"The Best Beer in the World"
We took off from Brussels mid morning - just after ten - through the Flanders countryside. The terrain flattened; without obstruction, the scope of view extended until the morning haze drowned everything out. Canals joined patches of hardwood forests as the only delineation between the tilled and sprouting fields. The scene fit comfortably onto canvas, colors seeming to carry the texture of brush strokes and signature of a Flemish painter. Just outside the frame, we approached the nexus of beer mystery: Westvleteren Brewery at St. Sixtus Abbey. Turning off the main route, we wound down a narrow country road, paved by asphalt below and dirt deposited by tractor tires above. The path divided a contrast: to the left a green field of flax waiting to bloom pastel blue in the passing Spring; to the right, brown scalloped rows anticipating shoots later in the season. Over the flax to the West, I could see the first hill since the Ardennes, but besides that, all was flat.
Driving past the inconspicuous monastic gates, we parked the car and walked through the automatic glass doors of the cafe across the street. The juxtaposition of ancient stone walls alongside metallic and glass shine cracked me up. The Belgians certainly make the best beer in the world, but their attention to ambiance inside the pub falls short of the drink-all-day, hardwood shade on a Bavarian biergarten or the cozy warmth beside a peaty stove inside a Kerry County Pub. We walked through the modern and casual dining room to the sunny patio. Somehow, the weather continued to hold out for us: a flood of warm light seemed to batter the Spring into an early Summer. With the shade densely occupied, we slid into a sunny bench beside a long wooden picnic table.
Getting a Westvleteren beer isn’t the easiest task, and you have two reliable options. The first, call and wait in line at the abbey for a case. Supply varies; calling ahead is a must. The second, visit the cafe across the street for a glass or a six pack. We opted for the six pack and glass - mostly because we had no where to put a case of beer in our backpacks. Sitting down I looked across the street at the flax fields waving in the wind, glowing a golden green; the breeze gently cooled everything and farther off shook the deciduous trees budding yellow-green pollen, breaking up the pleasant monotony of the landscape.
We ordered a glass of the 12 (Trappist Quad) and the blonde. Beer Advocate rated the Westvleteren 12 as the “Best Beer in the World” - a title I found ridiculous. Beer styles vary beyond comparison. How can you select a winner between a Westvleteren 12, Westmalle Triple, St. Georgen Brau Weiss, Pilsner Urquell, Timothy Taylor’s Boltmaker, Bell’s Two Hearted Ale, and Three Floyds Zombie Dust? However, if Beer Advocate said it’s the best I had to believe that it was worth the detour. The Westvleteren 12 arrived: hazelnut-brown in color with a thin head (not sure how long it had been sitting around). Sediment moved throughout the liquid (they pour all the contents of the bottle into the glass at the cafe). I let it warm under the sun to open up the aroma and flavor: dates, dark malt, hints of banana, and anise in the bouquet; the mouthfeel was surprisingly light and effervescent with heavy flavors of roasted dates and figs, licorice, and chocolate cake; the finish was predominately (and pleasantly) dry, with hints of malty sweetness. The blond arrived, also hazy, but with a rich, thick head, and slightly darker blonde than average. Yeast, sourdough, and subtle banana esters constituted the bouquet followed by a perfect floral dryness and light sweetness carrying banana notes; the finish was dry but balanced with lingering citrus and bread notes. To complete the trio we ordered the 8, a lower gravity bruin beer. The color appeared a darker brown than the 12, with frothy head and good lace. The nose was very malty and reminded me of wort just after the mash; the mouthfeel was surprisingly effervescent as well, carrying flavors of dry grapes and licorice. The finish was mild and dry. We sipped and aerated the beers, chatting about our luck with the weather so far. I adjusted my sunglasses as a lonely cloud shifted in front of the sun. Wandering inside before departing for Bruges, I bought a six pack of the 12, intending to transport some of the heraldic brew across the Atlantic to spread the Good News.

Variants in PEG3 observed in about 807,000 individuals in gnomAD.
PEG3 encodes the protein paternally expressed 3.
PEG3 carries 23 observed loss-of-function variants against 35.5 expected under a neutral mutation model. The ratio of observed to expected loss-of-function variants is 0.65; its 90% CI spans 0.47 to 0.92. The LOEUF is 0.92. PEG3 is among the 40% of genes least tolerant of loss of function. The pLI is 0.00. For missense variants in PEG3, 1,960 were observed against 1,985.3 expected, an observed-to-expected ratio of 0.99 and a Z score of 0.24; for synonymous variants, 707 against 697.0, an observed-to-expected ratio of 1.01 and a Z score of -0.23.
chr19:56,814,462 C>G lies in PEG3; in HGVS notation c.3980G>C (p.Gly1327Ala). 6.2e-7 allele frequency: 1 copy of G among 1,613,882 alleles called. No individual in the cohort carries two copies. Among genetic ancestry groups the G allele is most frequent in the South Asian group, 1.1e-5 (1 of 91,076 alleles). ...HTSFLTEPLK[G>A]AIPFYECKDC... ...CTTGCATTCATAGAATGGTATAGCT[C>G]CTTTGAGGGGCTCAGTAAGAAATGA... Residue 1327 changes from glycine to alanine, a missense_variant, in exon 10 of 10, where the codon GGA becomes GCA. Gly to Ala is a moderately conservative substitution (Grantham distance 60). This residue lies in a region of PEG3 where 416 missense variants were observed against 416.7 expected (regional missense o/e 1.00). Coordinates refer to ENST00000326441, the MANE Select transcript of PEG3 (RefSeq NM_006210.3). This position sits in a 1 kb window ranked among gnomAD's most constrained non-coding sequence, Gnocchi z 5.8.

In Bruges: canals ran under arched stone bridges and between cobblestone and brick streets; clean, brick-lined alleys snaked the straight lines of the houses in pleasant inconsistency; the rooflines shared a bricked stair-step pattern climbing to the apex. Most everything was in brick, and a single brick carried all the colors of the city - white, red, black, gray, bits of yellow, hints of blue, and occasionally green from the moss. Worn out from the drive and growing flocks of synchronized selfie-sticks moving as amoebas adorned with iPhone topped spires, we retreated to a park for a nap. Languid as a gypsy I fell into a deep sleep among white flowers dotting the grassy patch. Waking up thirsty, we walked around the corner to Half Moon Brewery and ordered a Bruges Zot Blonde and a Seasonal Wild Ale. Walled in by brick restored to decrepitude and sitting on wiry iron chairs with quadrants of alternating cobble, brick, and flagstone below, we watched the light slowly shift up on the brick as the sun descended in the sky. Both the Zot’s zesty, sourdough, dryness and the Wild Ale’s tart, farmhouse, funkiness added their sensory details to the evening. Temporarily shielded from the frenzied, amateur documentarians behind the patio’s brocade, we enjoyed our beers until the light ascended above the brick walls.